The apartment smelled like formaldehyde, a smell that soothed Romano as he pushed his legs back into his recliner and stared at the flickering black and white image on his now-antique video set. The old analog signal didn’t pick up television anymore, so he had resorted to playing the same VHS tapes over and over, recordings of news broadcasts of missing people, from adults to children, over the past three decades across the United States.
Romano liked that about the news. He liked that they hadn’t been solved the puzzle yet, that no one had been able to find out who did it. It was a mystery, a sense of unknown mystery surrounding the bodies of girls and boys being dumped somewhere by the same mysterious killer, all completely untouched except for the fact that every single one had been dumped missing every tooth in their body.
The case had been going on for years, and every time a new body was found Romano would record the news and watch it over and over. Until the analog went out. Then, he just imagined how they all would respond.
Pouring himself another glass of bottom shelf whiskey, Romano rose from his recliner and walked over to the tattered rug in the corner. Kicking it aside, he revealed a wooden door in the floor of his tiny one bedroom home. Bending over, his back almost creaking with reluctance as tired muscles stretched beyond their limit, he lifted the door and began climbing down the ladder into the darkness.
Feeling around in the nothing that surrounded him, he reached for the chain dangling to his left to bring light to his damp, dark cavern. As the old incandescent bulb flickered to life, the room filled with a soft yellow light, bringing into view a girl who was maybe eleven or twelve years old, her body strapped to a metal table with a drain beneath her head.
Romano walked over to her side, taking no notice of her rapid breathing and the tears streaking down her cheeks. Grabbing a wooden wedge off the tray beside the girl’s head, Romano carefully slipped it between her teeth, forcing her mouth open. Reaching back to the table, he grabbed a scalpel and a set of pliers. Clasping down on her front tooth, he began to pull, all the while carefully scraping away at the girl’s gums to ensure the tooth retained its perfect shape as it was removed.
She screamed, tried to escape, but the binds were fastened too tight around her to allow any real range of motion except the exasperated pleas of desperation that fell flat on the sound-proofed walls. Then, as he made the final yank and the tooth came free, the girl fell silent, her body giving into the pain and slipping her mind into silence.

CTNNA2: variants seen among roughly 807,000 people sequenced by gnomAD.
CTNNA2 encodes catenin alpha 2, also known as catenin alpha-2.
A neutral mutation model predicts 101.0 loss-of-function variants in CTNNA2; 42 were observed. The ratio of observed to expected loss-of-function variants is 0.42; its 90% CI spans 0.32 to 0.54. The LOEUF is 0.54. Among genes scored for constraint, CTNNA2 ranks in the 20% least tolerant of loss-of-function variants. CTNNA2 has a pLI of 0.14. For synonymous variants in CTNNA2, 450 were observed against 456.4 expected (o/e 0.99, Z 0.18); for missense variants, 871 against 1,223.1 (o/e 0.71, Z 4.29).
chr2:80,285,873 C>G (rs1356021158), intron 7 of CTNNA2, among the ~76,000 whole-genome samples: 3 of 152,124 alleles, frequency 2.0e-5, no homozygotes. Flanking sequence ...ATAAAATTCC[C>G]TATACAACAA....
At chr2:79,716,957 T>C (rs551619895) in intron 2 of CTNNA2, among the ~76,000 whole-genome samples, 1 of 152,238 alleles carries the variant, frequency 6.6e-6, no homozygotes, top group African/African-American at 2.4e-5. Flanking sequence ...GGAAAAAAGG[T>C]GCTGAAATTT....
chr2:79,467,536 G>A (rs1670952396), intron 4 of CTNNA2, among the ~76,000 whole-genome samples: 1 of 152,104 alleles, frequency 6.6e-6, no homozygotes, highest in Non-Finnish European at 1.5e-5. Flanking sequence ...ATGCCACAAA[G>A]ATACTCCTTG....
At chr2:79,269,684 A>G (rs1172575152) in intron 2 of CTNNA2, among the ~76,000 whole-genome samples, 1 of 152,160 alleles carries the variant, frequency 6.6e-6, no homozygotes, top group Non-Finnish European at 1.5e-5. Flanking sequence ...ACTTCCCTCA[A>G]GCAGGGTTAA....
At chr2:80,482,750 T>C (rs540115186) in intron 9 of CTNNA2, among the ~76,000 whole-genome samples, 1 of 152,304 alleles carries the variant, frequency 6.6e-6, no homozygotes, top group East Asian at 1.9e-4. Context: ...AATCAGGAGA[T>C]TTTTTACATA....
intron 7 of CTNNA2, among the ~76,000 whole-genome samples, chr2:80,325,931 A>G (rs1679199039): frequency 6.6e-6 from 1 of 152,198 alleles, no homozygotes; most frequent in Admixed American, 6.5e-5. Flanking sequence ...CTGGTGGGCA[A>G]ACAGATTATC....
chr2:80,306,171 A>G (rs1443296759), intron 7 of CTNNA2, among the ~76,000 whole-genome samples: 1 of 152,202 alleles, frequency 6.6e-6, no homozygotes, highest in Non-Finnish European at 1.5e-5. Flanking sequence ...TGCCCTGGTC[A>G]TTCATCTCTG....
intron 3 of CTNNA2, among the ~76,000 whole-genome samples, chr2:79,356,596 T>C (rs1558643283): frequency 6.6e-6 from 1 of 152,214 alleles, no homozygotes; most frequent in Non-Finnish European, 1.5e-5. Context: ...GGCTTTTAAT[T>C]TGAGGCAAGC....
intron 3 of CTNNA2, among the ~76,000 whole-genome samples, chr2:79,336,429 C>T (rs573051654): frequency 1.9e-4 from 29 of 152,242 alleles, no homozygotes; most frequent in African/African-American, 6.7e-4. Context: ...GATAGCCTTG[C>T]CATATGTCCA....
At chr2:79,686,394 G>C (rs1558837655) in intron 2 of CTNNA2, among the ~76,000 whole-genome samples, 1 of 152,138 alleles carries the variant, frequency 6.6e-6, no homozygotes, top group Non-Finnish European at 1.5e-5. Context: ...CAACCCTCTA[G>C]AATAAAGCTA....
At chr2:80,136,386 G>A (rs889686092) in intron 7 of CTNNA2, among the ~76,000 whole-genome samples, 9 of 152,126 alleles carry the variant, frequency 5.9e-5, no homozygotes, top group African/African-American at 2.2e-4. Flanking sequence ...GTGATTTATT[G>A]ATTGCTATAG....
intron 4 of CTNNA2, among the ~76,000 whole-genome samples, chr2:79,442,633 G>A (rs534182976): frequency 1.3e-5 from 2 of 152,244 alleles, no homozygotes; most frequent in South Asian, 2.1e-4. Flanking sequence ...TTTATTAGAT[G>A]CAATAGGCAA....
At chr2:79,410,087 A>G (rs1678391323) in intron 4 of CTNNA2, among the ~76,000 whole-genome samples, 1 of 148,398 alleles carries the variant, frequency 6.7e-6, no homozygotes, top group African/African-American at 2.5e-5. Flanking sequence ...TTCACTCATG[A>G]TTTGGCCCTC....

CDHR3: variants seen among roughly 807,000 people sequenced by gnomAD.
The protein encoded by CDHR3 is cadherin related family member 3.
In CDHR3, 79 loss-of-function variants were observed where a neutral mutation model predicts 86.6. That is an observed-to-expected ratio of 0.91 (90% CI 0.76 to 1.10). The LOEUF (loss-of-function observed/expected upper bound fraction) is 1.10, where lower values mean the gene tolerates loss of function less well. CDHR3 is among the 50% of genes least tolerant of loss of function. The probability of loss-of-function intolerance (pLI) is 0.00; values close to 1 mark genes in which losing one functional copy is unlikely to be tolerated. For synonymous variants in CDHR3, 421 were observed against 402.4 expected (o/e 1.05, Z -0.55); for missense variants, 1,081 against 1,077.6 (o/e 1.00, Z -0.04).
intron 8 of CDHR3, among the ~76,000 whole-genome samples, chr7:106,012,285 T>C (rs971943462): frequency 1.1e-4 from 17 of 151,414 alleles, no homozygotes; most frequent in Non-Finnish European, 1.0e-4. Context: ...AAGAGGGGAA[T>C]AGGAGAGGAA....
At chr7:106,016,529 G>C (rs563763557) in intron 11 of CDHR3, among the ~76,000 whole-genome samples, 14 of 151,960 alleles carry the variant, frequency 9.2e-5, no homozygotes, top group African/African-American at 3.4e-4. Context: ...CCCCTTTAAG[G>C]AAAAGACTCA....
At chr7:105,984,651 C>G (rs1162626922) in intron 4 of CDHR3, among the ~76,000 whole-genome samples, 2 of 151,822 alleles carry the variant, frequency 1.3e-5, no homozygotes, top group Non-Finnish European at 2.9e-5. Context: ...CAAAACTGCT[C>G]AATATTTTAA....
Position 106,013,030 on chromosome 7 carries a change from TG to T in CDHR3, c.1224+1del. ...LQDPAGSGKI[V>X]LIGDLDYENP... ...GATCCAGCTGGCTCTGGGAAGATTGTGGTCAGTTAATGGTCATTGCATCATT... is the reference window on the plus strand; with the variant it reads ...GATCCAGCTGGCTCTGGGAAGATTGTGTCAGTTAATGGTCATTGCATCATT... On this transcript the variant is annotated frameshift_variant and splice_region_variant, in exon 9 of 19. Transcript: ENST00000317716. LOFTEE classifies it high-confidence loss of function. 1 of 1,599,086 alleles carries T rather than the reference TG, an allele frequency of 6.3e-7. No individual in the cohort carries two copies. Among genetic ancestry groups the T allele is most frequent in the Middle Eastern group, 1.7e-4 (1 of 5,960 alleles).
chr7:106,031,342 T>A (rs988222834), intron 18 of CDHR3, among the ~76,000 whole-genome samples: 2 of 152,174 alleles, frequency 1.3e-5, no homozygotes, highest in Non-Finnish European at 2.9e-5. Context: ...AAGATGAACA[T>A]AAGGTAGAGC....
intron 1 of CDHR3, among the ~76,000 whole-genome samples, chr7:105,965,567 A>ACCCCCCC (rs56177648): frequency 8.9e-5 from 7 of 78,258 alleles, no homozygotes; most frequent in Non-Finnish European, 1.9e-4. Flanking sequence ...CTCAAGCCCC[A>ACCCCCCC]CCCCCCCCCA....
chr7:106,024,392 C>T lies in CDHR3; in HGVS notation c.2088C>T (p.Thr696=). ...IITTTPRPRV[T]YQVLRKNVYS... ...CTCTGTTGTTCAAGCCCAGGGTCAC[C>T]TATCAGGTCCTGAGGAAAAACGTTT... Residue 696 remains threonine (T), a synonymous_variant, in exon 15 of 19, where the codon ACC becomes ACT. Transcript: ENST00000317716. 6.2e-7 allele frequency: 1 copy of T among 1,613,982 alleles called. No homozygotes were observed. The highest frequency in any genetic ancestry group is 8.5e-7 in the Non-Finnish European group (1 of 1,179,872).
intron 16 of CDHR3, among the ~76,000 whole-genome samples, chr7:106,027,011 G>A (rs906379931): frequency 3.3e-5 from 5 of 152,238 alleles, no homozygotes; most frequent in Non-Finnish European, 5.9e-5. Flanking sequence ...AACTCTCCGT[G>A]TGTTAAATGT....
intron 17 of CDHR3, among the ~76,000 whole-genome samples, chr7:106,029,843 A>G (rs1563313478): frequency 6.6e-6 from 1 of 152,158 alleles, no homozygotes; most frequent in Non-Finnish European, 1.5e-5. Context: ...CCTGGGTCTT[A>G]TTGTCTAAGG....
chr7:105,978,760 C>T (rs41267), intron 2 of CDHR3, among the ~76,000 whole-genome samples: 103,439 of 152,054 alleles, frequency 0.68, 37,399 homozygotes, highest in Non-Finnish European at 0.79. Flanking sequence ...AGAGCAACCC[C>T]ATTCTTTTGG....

Romano worked carefully for almost two hours, until every tooth was removed and placed in a small bowl beside the girl’s head. Looking down at the bowl full of teeth, he felt a calmness come over him. This was where the real art began. Crossing the room to the freezer, he removed a bright red apple and returned to the table. Cutting a slice across its center in the shape of a crude and malicious grin, he carefully began to insert the teeth into the soft innards of the apple.
The work was careful, a true piece of art in the form of an apple, now smiling brightly at the world with a mouth full of perfect, white teeth.
Picking up a mason jar, he filled it with formaldehyde and dropped the apple inside. Walking to the wall, he placed the jar on the fourth shelf down, in a spot marked 62. Stepping back, he marveled at his work. 62 jars, 62 smiling apples, ranging in color from red to green to yellow to everything in-between.
He stared for several minutes, just admiring his work, taking in every creation he had made over the years, from young teeth to old teeth, from perfect smiles to heinous ones. Sighing quietly, he walked back to the ladder and pulled the the chain, sucking the light out of the room before ascending back into his quiet little home.
“I’m sad,” said Stephanie, stepping towards me as she pulled her jacket up around her neck to fight off the biting cold.
“Why’s that?” I asked, holding out my lighter and igniting her cigarette.
“I’m 36 and alone. All my friends are getting married, and I’m not even dating anyone. All I’m doing is sleeping with a 25 year-old who’s not even close to what I’m looking for.”
“And what part of that makes you sad?”
“All of it,” she said, reaching up to wipe her eyes of a tear that, to me, appeared to be non-existent.
“Well, I suppose a better question would be what makes you think you’re so different from everyone else?”
“I just said, all my friends are getting married and I’m still here by myself. So I’m sad.”
“Who isn’t these days?” Continue reading
A young soon-to-be American was walking down the street of his passport country of England. He was heading from Eton Wick to Windsor, a thirty minute walk along side the road. As he walked, he saw in the distance a man on a bicycle. He thought little of it, dropped his head, and continued along his way.